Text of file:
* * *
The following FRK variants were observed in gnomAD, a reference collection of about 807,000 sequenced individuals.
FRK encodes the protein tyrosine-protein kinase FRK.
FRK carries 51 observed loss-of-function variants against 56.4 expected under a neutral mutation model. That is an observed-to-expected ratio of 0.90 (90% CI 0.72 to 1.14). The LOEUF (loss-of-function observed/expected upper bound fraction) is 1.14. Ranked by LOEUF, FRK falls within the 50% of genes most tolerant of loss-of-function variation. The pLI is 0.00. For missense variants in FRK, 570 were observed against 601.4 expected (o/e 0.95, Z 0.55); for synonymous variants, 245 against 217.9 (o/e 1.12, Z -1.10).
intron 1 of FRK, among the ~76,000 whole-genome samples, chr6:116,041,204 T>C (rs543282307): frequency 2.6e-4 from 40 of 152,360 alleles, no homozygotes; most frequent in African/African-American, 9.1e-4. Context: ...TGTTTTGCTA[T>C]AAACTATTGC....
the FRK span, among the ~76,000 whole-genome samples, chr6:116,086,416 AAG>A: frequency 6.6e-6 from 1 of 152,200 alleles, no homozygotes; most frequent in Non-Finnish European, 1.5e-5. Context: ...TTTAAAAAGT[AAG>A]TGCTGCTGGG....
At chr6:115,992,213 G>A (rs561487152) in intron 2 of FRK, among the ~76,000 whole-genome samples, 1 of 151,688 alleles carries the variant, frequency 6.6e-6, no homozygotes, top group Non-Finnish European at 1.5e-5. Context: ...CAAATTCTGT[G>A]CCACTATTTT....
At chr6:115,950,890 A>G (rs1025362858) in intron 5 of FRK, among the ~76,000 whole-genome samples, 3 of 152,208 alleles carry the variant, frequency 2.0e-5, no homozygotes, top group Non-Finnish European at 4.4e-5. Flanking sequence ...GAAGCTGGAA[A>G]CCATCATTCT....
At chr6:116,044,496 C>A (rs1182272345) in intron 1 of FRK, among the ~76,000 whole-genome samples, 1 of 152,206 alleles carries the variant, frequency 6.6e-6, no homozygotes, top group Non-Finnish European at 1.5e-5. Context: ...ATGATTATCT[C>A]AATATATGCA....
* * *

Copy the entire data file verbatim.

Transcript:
The following FRK variants were observed in gnomAD, a reference collection of about 807,000 sequenced individuals.
FRK encodes the protein tyrosine-protein kinase FRK.
FRK carries 51 observed loss-of-function variants against 56.4 expected under a neutral mutation model. That is an observed-to-expected ratio of 0.90 (90% CI 0.72 to 1.14). The LOEUF (loss-of-function observed/expected upper bound fraction) is 1.14. Ranked by LOEUF, FRK falls within the 50% of genes most tolerant of loss-of-function variation. The pLI is 0.00. For missense variants in FRK, 570 were observed against 601.4 expected (o/e 0.95, Z 0.55); for synonymous variants, 245 against 217.9 (o/e 1.12, Z -1.10).
intron 1 of FRK, among the ~76,000 whole-genome samples, chr6:116,041,204 T>C (rs543282307): frequency 2.6e-4 from 40 of 152,360 alleles, no homozygotes; most frequent in African/African-American, 9.1e-4. Context: ...TGTTTTGCTA[T>C]AAACTATTGC....
the FRK span, among the ~76,000 whole-genome samples, chr6:116,086,416 AAG>A: frequency 6.6e-6 from 1 of 152,200 alleles, no homozygotes; most frequent in Non-Finnish European, 1.5e-5. Context: ...TTTAAAAAGT[AAG>A]TGCTGCTGGG....
At chr6:115,992,213 G>A (rs561487152) in intron 2 of FRK, among the ~76,000 whole-genome samples, 1 of 151,688 alleles carries the variant, frequency 6.6e-6, no homozygotes, top group Non-Finnish European at 1.5e-5. Context: ...CAAATTCTGT[G>A]CCACTATTTT....
At chr6:115,950,890 A>G (rs1025362858) in intron 5 of FRK, among the ~76,000 whole-genome samples, 3 of 152,208 alleles carry the variant, frequency 2.0e-5, no homozygotes, top group Non-Finnish European at 4.4e-5. Flanking sequence ...GAAGCTGGAA[A>G]CCATCATTCT....
At chr6:116,044,496 C>A (rs1182272345) in intron 1 of FRK, among the ~76,000 whole-genome samples, 1 of 152,206 alleles carries the variant, frequency 6.6e-6, no homozygotes, top group Non-Finnish European at 1.5e-5. Context: ...ATGATTATCT[C>A]AATATATGCA....